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close this bookFood from Dryland Gardens - An Ecological, Nutritional, and Social Approach to Small Scale Household Food Production (CPFE, 1991)
close this folderPart I - Gardens as a development strategy
close this folder3. Gardens, economics, and marketing
close this folder3.4 Marketing garden produce
View the document(introduction...)
View the document3.4.1 Women and Marketing
View the document3.4.2 Risk, Investment, and Return
View the document3.4.3 Cooperation
View the document3.4.4 Garden Income and the Household

3.4.1 Women and Marketing

Money necessary for household maintenance and child care must often be provided by women, and does not come from a common household fund. Where this is true, marketing garden produce can be important as a source of independent income for these women (Figure 3.5). In some areas where women’s market gardening has become more profitable, men have started competing with them after seeing how much income can be earned by market gardens.

In a project in Botswana a cooperative of 29 women and 4 men from the poorest households in the community work 33 garden plots that are hand irrigated with water stored behind an adjacent dam (section 3.4.3).45 Produce is eaten by the gardeners, shared with those who helped in the garden, or marketed. For 21 of the 33 gardeners, gardens are their major or only source of cash income. But as the commercial potential of such gardens is realized, better-off individuals have started claiming entire dam sites for themselves, and some have suggested that it may become necessary to reserve gardening sites for groups of the poor, most of whom are women.46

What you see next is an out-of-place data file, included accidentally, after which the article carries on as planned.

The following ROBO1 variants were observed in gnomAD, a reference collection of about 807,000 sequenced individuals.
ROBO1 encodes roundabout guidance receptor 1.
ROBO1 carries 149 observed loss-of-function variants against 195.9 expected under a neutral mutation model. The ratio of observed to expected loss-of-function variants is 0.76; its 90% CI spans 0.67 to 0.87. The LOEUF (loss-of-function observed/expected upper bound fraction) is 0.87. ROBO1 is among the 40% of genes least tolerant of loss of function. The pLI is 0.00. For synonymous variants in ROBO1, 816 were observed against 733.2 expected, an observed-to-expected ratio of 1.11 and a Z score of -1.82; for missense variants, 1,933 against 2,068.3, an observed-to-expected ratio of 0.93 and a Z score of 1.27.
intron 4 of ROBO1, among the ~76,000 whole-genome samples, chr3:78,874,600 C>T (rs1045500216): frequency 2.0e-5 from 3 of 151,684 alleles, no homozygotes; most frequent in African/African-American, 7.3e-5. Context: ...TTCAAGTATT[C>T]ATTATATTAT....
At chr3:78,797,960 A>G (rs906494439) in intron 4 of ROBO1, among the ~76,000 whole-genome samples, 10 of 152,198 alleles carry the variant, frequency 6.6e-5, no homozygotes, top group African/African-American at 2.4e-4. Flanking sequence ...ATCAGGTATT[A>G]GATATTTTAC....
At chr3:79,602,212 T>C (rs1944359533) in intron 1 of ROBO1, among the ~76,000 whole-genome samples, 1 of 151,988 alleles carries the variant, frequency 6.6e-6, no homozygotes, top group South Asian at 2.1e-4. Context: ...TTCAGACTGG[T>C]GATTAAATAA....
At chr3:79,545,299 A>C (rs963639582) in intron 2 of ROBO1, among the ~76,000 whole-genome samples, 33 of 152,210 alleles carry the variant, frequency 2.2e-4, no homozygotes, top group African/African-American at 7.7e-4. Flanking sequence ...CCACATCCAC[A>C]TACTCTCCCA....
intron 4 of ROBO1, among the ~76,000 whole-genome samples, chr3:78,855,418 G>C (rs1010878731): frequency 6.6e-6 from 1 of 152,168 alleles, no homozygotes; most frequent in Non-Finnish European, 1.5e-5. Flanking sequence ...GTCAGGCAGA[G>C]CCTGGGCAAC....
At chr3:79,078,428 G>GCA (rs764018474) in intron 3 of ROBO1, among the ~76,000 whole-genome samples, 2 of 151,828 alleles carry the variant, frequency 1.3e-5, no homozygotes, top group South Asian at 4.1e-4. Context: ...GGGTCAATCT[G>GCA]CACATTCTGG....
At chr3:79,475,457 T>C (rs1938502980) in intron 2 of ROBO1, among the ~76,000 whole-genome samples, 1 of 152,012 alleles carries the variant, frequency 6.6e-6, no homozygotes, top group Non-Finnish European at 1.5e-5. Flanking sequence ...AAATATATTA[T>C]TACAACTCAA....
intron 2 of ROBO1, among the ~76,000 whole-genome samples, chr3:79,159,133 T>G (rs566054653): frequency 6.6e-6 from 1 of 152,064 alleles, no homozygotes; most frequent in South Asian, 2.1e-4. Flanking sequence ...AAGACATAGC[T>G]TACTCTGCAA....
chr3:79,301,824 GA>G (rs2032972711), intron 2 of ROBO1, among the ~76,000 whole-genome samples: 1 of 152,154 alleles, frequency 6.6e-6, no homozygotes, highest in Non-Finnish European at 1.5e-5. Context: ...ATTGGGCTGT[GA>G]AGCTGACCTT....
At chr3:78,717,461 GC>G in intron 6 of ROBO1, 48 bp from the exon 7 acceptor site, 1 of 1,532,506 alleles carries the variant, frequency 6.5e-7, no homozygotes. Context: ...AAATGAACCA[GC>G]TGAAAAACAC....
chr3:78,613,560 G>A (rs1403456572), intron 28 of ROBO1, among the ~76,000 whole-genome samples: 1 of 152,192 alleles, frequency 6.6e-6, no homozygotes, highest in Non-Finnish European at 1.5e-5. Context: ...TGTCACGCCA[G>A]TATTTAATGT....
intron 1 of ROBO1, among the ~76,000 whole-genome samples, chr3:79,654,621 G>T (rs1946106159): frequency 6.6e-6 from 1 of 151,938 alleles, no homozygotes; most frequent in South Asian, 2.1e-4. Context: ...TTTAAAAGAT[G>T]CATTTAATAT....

On the Tonga plateau of Zambia, a fruit and vegetable growing cooperative was begun by local villagers. Most of the women involved used land borrowed from their husbands, and as the project became more profitable the husbands took over. In response, 26 of the 33 women in the co-op now obtain their garden plots independently of their husbands and many of the women (44%) feel that their garden income has made them less dependent on their husband’s income.47

Sometimes the opposite situation can occur. In an area of southern Senegal, extension agents first promoted gardens to men.48 But the men soon stopped gardening and the women took over. The men said this was because gardening involved fetching water, a women’s activity which the men felt was inappropriate for them.

Marketing garden produce provides women an opportunity to leave the house and socialize, especially with other women. In the market, relationships can be formed or reinforced, and information, goods, and services are exchanged. Market days may be one of the few times available for important activities such as these.

Where women’s activities are restricted by religious customs, such as the seclusion of Moslem women, earning income must be done in or near the home compound. The possibilities include gardening, food processing, sewing, craft work, teaching and raising small animals.49 Garden produce can be sold to customers who come to the women’s homes, or sold outside the home by children.